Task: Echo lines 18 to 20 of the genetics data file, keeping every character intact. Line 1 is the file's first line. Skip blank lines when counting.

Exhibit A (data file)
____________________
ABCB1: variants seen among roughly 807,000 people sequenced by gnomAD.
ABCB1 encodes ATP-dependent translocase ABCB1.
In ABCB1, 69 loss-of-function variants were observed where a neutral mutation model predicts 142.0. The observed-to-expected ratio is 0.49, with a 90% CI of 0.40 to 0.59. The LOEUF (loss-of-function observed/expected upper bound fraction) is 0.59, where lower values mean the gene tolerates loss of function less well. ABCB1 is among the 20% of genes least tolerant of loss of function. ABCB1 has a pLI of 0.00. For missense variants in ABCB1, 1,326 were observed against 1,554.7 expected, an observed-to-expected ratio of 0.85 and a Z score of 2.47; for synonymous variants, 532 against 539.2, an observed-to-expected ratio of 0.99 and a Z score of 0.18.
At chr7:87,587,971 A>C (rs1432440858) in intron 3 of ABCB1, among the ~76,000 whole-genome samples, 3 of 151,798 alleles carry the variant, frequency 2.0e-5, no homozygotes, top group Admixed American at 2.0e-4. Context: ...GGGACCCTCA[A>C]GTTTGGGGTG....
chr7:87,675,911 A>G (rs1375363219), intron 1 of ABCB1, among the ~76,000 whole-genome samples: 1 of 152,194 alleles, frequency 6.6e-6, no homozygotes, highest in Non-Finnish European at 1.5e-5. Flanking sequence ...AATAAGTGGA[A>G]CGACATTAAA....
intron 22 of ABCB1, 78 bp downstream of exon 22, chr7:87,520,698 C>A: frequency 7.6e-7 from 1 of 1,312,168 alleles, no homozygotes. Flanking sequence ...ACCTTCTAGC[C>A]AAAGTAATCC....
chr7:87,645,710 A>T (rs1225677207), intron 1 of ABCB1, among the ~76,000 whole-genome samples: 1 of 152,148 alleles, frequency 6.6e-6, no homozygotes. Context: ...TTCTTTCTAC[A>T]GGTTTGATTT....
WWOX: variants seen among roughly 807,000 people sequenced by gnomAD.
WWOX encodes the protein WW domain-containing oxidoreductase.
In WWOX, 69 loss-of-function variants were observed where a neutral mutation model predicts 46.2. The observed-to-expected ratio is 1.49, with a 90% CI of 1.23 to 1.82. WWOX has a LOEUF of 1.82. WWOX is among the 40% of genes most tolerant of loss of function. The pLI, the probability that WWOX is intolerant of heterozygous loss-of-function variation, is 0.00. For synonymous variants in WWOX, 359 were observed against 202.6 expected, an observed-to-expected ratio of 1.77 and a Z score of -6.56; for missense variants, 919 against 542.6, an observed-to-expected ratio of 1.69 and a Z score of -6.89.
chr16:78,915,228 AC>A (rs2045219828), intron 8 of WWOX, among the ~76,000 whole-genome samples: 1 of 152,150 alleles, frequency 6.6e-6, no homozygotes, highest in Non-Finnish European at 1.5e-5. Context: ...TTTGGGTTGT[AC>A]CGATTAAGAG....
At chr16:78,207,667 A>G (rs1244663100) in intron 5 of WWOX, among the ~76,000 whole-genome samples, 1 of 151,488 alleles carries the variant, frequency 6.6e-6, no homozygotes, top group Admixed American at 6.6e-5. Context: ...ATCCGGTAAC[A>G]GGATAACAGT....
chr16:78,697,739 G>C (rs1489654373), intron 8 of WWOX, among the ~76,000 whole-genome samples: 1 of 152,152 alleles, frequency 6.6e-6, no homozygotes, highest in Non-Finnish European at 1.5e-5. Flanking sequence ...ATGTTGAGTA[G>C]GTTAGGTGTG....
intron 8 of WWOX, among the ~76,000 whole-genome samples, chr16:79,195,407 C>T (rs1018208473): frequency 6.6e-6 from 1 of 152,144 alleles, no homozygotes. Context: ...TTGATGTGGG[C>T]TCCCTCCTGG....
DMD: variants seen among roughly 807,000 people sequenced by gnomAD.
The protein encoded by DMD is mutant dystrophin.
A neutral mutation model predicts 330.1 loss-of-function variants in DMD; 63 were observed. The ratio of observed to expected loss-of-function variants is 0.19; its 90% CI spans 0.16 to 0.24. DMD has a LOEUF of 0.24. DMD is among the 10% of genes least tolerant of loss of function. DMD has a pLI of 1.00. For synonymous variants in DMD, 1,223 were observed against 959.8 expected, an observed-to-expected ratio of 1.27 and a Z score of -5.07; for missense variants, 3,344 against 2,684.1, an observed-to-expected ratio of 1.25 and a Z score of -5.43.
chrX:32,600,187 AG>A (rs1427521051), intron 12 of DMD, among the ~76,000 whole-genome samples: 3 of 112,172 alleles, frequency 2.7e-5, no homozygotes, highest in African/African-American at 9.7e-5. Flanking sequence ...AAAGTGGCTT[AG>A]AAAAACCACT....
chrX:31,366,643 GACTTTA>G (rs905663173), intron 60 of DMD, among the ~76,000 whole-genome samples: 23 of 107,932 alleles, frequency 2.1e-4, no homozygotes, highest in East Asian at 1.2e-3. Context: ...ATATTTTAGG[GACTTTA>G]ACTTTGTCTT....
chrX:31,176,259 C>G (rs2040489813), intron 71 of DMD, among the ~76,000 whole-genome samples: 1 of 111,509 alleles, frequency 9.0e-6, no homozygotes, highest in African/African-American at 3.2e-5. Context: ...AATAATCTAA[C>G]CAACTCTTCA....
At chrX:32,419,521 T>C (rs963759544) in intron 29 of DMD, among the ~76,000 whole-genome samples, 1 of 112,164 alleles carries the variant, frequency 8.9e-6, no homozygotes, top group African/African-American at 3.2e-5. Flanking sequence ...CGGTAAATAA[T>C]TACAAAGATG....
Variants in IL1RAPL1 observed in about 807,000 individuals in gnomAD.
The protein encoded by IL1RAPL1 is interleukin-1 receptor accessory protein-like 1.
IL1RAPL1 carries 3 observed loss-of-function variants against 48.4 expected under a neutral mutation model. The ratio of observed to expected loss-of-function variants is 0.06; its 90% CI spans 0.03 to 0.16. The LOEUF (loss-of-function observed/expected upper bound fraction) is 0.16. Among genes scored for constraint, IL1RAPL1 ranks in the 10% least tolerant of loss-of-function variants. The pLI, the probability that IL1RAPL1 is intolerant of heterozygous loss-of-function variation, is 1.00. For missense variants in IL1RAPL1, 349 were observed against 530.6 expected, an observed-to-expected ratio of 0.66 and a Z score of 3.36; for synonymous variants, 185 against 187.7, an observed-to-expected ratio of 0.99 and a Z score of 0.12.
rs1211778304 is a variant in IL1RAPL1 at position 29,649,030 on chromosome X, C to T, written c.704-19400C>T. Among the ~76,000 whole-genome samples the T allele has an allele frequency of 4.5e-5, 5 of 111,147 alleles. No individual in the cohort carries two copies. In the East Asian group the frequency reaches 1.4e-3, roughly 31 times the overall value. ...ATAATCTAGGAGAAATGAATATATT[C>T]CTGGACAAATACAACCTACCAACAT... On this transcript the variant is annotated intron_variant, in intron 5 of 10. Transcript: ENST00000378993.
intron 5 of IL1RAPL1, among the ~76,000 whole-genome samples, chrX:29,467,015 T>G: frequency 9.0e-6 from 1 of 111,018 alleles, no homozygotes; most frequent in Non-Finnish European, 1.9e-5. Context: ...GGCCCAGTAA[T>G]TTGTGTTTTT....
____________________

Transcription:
chrX:32,600,187 AG>A (rs1427521051), intron 12 of DMD, among the ~76,000 whole-genome samples: 3 of 112,172 alleles, frequency 2.7e-5, no homozygotes, highest in African/African-American at 9.7e-5. Flanking sequence ...AAAGTGGCTT[AG>A]AAAAACCACT....
chrX:31,366,643 GACTTTA>G (rs905663173), intron 60 of DMD, among the ~76,000 whole-genome samples: 23 of 107,932 alleles, frequency 2.1e-4, no homozygotes, highest in East Asian at 1.2e-3. Context: ...ATATTTTAGG[GACTTTA>G]ACTTTGTCTT....
chrX:31,176,259 C>G (rs2040489813), intron 71 of DMD, among the ~76,000 whole-genome samples: 1 of 111,509 alleles, frequency 9.0e-6, no homozygotes, highest in African/African-American at 3.2e-5. Context: ...AATAATCTAA[C>G]CAACTCTTCA....